Last Updated: Friday - 09/24/2010
March 16, 2009
Youth Ministers need power of Holy Spirit
BY DEBORAH GYAPONG
CANADIAN CATHOLIC NEWS
OTTAWA — Youth ministers can easily lose focus, confidence and direction when dealing with the “swirling mist of grey” that surrounds Catholic youth today, says the youth and young adult outreach director of the Franciscan University of Steubenville.
Young people are asking “Why should I care about being Catholic? Why do I have to choose? What difference does it make who I sleep with?” said John Beaulieu. Teenagers see life in terms of “my truth and your truth.”
They come to Christ “with conditions,” Beaulieu said during a retreat for youth ministry workers in the Ottawa Archdiocese March 7. They go to youth group on Friday night, and then have oral sex with their girlfriend on Saturday night.
Youth ministers need more than a small candle to break through, he said. “You need a bright light to be seen in a thick fog.”
The solution, he said, comes from a life of holiness and prayer and through doing things with Christ rather than in his name as an idea or a concept.
Being filled with God’s grace is more than being a channel, he said, it means being reservoirs of grace that are filled and overflowing.
Beaulieu suggested asking the Holy Spirit to “come upon you with power.”
One of the images of the Holy Spirit is fire, he said, because of fire’s purifying effects.
Think of all the sins in your life, he said. Do you get rid of it by working on it, focusing on it? “No, you let go of it, and let the power of God burn it up.”
He asked if the youth ministers would be willing to place themselves on the altar like the bread and the wine and to let God transform them into “something we are not, something supernatural.”
He urged them to seek a “personal Pentecost,” where the Holy Spirit would set their hearts on fire for Jesus.
“Don’t build a fireplace for God, a safe little place for God,” he said. What if God is saying, “I want to come into your house and burn it down and replace it with a mansion”?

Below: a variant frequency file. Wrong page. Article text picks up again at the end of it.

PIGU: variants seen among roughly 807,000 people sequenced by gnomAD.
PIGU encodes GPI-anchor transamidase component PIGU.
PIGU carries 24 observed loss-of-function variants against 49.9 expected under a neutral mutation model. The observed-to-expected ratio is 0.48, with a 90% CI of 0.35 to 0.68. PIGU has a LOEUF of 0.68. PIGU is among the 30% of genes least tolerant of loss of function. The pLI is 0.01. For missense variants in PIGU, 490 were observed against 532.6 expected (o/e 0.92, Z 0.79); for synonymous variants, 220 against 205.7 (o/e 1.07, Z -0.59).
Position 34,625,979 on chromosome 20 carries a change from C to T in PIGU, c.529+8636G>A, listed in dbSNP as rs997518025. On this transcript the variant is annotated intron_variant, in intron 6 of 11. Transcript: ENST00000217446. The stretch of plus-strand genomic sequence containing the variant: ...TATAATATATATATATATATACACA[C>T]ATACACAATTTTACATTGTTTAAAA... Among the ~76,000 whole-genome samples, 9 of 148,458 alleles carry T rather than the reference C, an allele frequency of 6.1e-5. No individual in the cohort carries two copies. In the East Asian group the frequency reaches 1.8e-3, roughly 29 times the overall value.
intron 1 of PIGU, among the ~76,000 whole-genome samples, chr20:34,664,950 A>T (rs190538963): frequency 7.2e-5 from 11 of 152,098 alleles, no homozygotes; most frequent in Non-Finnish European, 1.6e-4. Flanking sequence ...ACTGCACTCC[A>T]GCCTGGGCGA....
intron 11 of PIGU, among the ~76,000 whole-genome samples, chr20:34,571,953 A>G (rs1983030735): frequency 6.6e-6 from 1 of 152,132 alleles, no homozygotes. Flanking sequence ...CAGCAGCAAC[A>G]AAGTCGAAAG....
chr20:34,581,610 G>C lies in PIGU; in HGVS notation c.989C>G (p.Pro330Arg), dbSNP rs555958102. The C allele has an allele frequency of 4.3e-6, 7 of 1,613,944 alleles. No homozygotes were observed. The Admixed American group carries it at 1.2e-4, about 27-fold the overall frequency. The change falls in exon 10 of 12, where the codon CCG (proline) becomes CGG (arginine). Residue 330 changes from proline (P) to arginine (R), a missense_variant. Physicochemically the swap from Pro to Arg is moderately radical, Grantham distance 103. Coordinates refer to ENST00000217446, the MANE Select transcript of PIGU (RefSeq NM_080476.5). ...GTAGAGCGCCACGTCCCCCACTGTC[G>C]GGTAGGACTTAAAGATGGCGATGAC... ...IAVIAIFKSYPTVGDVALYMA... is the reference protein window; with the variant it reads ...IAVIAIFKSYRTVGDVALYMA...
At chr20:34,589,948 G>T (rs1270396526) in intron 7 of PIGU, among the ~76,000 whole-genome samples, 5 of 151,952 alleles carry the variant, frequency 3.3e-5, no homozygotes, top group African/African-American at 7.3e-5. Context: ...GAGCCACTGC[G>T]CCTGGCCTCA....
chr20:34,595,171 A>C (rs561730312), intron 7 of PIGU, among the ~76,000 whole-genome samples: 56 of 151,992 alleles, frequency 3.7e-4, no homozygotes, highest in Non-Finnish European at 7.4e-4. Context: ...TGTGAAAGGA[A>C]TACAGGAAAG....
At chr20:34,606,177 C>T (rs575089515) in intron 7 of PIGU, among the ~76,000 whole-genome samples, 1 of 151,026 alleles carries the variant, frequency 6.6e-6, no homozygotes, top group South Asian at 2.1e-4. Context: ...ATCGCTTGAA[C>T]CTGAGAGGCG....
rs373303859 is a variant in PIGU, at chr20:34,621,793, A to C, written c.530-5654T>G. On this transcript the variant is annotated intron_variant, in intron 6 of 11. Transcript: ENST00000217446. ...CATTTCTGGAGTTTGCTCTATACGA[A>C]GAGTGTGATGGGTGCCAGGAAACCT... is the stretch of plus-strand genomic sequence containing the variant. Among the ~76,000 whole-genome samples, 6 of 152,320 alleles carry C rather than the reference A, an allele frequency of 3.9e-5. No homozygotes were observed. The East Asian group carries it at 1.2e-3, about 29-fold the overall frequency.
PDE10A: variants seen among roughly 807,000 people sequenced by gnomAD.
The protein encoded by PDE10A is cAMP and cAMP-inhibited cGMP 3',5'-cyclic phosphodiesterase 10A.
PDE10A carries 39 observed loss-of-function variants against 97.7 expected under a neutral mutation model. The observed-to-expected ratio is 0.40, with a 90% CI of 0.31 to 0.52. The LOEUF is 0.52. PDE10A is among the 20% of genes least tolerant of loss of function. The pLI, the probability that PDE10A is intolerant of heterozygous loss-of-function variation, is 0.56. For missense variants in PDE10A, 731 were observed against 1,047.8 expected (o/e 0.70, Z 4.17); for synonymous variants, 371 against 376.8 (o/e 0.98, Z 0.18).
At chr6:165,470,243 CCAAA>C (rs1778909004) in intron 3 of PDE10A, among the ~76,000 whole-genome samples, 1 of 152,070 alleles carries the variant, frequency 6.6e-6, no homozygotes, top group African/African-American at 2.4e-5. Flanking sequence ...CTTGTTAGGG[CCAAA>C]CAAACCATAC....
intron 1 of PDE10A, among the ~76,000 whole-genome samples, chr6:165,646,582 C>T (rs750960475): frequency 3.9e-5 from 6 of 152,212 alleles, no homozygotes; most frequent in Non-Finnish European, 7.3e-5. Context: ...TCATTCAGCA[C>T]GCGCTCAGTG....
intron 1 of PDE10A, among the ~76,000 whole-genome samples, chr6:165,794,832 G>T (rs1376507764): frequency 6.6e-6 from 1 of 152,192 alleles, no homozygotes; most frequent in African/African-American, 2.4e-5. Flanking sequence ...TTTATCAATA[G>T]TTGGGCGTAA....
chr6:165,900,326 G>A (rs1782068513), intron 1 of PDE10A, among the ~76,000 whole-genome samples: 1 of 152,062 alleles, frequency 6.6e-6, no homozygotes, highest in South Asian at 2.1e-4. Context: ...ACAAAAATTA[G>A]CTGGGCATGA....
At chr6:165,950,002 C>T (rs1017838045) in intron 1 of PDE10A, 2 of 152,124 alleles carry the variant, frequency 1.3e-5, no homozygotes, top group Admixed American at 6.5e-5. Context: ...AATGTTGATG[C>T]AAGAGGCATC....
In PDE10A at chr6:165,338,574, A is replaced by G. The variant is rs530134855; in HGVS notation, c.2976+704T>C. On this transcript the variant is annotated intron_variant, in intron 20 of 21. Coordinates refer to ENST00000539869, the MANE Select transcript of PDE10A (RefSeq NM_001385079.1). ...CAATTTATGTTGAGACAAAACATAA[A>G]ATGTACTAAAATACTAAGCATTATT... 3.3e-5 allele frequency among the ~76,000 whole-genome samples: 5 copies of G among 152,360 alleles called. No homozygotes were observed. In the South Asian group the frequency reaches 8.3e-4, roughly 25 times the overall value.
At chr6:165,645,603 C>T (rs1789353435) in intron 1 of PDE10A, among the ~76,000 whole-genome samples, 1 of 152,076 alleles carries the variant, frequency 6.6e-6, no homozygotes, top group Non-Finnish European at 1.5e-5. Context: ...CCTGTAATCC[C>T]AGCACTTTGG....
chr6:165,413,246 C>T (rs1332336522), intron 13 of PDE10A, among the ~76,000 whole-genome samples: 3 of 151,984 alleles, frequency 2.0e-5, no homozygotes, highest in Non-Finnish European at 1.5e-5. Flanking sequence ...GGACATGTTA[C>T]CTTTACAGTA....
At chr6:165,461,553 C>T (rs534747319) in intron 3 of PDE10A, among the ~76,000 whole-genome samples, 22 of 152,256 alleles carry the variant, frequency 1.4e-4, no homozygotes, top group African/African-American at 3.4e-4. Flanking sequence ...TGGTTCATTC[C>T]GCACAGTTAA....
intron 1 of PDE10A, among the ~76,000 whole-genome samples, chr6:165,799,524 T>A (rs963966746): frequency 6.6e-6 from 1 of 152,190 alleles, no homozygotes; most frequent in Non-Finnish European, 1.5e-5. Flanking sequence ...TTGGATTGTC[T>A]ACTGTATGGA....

Let the Holy Spirit “take it all,” he said.
A father of five, Beaulieu acknowledged it is not always easy to choose among the many competing goods in one’s life.
“On Christmas Eve 2007, Pope Benedict XVI came to my house and smacked me between the eyes with a two-by-four,” he said. “Not literally.”
The “blow” came from reading Benedict’s Christmas Eve homily that spoke of how Mary and Joseph were looking for a place to rest so she could give birth. There was no room for them.
“In some way, mankind is awaiting God, waiting for him to draw near,” he quoted the pope saying. “But when the moment comes, there is no room for him.
“Do we have time and space for God?” Beaulieu asked.
Until then, Beaulieu had spent 25 years in youth ministry trying to serve God but feeling inadequate and wondering what God wanted. On reading that homily, he opened his heart to God’s love and “God came in.”
Beaulieu referred to the famous saying of St. Augustine that everyone has a God-shaped hole in their hearts, but we say to ourselves, “I’ll carve out a little space for God.”
“Are we giving God the room that he needs?” he asked. “Are you full of the fullness of God and experiencing all God wants to give you in life?”
Prayer is essential, he said, because it “unlocks God’s grace, love and mercy.” Self-denial and self-sacrifice are a lot harder.